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How to Evaluate a Billing-as-a-Service (BaaS) Provider

When evaluating a BaaS provider, there are a number of different features to consider.

Transactional Servicing Features

A variety of features are available to handle the day-to-day transactional activities of billing.

Billing types:

Insurers use a wide variety of invoice mechanisms. Many use direct bill, which involves billing the policyholder directly. Some will bill a third party, such as a mortgagee or a trust. Some will split payments across multiple payors. Some support monthly reporting, where a policyholder provides a periodic statement of their rating base (typically revenue or payroll), and the bill is calculated based on the actual exposure for the period.

Some bill the agents using an account current, which is a list of all transactions for the billing period across multiple policies showing policy numbers, the premium transaction amount, the commission earned, and the amount due to the insurer net of commission. Some use a form of agency bill called statement bill, which is a list of all transactions for the billing period and is similar to an account current. But in statement billing, the agent is responsible for paying the full amount due, and the insurer will pay the commission as a separate transaction. Wholesale or item billing is where an insurer bills the agent one transaction at a time rather than waiting for the end of the billing cycle.

Group bill is where a single party is billed for multiple party transactions. This is often found in employee benefits but is also found in workers’ compensation for insurers working with PEOs (professional employer organizations). Employer billing is also commonly used for life insurers or group benefits, where the employer is billed for the transaction, and the employer then collects payments from employees typically through payroll deductions.

BaaS providers can typically handle most or all of these billing types.

Pay-as-you-go:

Pay-as-you-go is a unique billing type primarily used in workers’ compensation today. Compared to an estimated annual payroll amount, pay-as-you-go relies on real-time payroll to calculate workers’ comp premiums. This results in more accurate premium payments but requires a way of getting the payroll feed. Providers who offer this service have done the hard work of integrating with multiple payroll companies so that the insurer only has to integrate with the provider rather than with each payroll company. Pay-as-you-go is also used in auto insurance as well, adjusting rates based on miles driven.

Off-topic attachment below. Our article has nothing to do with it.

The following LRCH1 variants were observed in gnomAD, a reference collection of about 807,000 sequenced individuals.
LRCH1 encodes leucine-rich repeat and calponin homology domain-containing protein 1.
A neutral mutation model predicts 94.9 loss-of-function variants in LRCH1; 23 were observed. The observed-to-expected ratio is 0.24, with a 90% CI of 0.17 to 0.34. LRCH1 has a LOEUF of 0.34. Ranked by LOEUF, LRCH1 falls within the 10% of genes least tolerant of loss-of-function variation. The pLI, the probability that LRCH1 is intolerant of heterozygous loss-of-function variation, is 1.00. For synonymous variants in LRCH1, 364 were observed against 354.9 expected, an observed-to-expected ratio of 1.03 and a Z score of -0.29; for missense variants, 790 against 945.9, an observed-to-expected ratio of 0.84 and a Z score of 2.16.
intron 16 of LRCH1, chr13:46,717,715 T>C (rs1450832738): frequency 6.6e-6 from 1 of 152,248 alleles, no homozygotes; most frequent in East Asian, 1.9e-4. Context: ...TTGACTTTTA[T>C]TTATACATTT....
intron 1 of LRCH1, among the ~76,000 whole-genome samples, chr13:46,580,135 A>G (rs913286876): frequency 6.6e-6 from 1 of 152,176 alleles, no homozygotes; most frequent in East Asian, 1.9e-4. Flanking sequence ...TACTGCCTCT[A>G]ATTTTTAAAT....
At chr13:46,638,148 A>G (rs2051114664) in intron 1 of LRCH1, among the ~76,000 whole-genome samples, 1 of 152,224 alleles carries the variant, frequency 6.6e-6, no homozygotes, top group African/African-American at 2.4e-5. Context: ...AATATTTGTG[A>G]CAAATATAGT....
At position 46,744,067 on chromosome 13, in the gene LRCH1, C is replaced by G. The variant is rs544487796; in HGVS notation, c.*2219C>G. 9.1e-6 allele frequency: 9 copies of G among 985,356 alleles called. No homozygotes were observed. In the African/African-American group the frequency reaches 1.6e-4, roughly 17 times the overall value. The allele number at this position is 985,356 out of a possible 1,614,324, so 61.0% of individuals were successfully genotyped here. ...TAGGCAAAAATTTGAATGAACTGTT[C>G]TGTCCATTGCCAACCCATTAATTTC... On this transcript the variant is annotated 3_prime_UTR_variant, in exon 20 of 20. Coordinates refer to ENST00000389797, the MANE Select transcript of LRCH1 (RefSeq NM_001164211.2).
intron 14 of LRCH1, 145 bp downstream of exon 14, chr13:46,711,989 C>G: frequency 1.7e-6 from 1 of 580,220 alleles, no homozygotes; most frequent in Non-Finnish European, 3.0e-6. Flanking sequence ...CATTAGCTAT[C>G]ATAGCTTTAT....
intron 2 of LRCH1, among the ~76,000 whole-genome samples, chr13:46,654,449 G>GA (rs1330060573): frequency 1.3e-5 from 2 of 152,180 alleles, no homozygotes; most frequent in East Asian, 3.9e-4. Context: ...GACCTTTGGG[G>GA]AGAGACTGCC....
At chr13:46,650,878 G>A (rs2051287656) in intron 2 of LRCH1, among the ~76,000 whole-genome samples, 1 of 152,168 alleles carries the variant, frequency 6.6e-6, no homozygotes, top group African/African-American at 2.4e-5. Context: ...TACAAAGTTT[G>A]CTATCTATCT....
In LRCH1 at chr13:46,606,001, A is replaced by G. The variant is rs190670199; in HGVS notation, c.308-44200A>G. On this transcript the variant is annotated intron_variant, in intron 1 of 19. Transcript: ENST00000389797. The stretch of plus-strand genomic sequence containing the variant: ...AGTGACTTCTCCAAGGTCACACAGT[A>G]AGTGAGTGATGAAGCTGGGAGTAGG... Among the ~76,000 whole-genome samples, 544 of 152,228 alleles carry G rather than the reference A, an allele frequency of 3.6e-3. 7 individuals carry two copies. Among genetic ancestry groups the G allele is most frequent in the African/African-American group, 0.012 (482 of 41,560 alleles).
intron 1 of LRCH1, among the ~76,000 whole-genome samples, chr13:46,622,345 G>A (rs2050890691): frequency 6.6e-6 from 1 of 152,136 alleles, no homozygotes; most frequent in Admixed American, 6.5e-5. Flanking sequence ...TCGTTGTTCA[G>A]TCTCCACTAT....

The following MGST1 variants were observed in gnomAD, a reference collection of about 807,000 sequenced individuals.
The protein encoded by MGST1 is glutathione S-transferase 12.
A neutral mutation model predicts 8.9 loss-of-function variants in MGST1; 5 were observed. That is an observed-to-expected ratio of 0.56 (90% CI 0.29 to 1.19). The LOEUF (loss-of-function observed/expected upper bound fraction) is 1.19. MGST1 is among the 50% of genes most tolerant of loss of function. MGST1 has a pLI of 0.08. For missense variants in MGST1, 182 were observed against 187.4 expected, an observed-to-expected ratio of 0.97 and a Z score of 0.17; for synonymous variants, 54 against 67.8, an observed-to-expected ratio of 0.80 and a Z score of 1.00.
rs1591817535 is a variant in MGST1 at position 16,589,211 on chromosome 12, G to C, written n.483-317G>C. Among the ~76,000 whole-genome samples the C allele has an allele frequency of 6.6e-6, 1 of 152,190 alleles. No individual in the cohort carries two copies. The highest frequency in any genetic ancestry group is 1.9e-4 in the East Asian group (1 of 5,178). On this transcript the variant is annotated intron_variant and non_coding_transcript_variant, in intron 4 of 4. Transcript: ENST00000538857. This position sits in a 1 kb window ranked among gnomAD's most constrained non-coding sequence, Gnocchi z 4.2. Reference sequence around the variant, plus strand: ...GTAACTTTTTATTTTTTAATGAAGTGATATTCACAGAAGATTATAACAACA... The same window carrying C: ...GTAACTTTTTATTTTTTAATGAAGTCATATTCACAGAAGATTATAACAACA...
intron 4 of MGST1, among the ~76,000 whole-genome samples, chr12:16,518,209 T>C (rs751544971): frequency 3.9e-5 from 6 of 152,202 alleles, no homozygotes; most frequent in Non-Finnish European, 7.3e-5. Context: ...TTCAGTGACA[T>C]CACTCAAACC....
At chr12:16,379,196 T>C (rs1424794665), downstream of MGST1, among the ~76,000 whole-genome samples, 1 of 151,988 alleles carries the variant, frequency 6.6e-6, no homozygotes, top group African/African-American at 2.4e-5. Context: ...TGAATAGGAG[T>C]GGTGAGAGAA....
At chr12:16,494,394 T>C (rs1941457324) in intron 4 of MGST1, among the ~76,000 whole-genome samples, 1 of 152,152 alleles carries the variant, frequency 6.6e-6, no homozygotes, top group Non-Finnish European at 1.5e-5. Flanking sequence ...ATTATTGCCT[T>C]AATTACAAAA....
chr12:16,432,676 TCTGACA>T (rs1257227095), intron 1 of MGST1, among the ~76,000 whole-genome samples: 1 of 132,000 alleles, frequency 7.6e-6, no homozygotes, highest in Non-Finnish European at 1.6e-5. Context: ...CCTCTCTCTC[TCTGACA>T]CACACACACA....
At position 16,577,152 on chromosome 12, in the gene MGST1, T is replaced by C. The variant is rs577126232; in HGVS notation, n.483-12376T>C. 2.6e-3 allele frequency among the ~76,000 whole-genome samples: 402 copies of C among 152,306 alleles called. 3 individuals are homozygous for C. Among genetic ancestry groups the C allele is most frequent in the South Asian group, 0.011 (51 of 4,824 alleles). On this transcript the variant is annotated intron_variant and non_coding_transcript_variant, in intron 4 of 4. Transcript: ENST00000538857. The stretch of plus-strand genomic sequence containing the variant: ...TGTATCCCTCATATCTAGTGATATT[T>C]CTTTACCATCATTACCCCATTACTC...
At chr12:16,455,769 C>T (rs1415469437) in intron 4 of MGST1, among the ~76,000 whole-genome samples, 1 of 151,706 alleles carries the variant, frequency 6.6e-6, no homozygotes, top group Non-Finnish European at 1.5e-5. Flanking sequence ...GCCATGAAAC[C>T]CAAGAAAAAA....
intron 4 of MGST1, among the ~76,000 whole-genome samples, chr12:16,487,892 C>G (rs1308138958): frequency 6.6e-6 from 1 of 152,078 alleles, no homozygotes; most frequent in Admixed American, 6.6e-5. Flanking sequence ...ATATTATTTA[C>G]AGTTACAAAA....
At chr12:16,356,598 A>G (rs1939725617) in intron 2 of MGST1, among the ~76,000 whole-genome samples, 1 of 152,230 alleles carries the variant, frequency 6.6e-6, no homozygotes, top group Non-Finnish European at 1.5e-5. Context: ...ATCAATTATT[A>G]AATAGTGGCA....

Payment plans:

Most insurers have a variety of payment plans, ranging from full payment upfront to monthly payment. Many have other options, such as ten-pay or quarterly pay. Some insurers have limited flexibility in their existing systems and would like to be able to easily and quickly apply more flexible payment plans.

The BaaS provider can execute on these payment plans and can help insurers create new plans. Look for the level of flexibility in creating new plans. Payment plans should be capable of being specific by product line and state at the very least but also by premium size, retail agent (large agents like special deals), and, for the ultimate in flexibility, by account.

Some policy transactions, such as special event coverage, require full payment, even on a policy that is on a payment plan. BaaS providers can handle these mixed transactions.

Some insurers, especially mutual or workers’ compensation insurers, offer dividends. While most insurers offering dividends will apply the dividend as a discount to a future policy, some issue separate payments. BaaS providers can handle one-time payments, such as dividends.

Account bill:

Many insurers have challenges providing account billing — sending a single bill to a policyholder with multiple policies and multiple transactions reflected on the bill. An example might be a customer who has both an auto and a homeowner's policy, or a customer who has both a term-life and long-term care policy. BaaS providers can generally handle multipolicy single billing.

Billing notification:

The process of delivering a bill to a policyholder comes in many forms. Some policyholders prefer a paper bill so that they have a physical copy of the bill. Others prefer electronic notice through email. Some like to get a text letting them know that the bill is due — and often allowing them to pay directly within the text dialogue with a simple reply. Notification of a bill through a mobile app is common. Automated outbound phone calls are used by some, typically for a late payment reminder. Some BaaS providers can even send a bill through social media such as Facebook Messenger.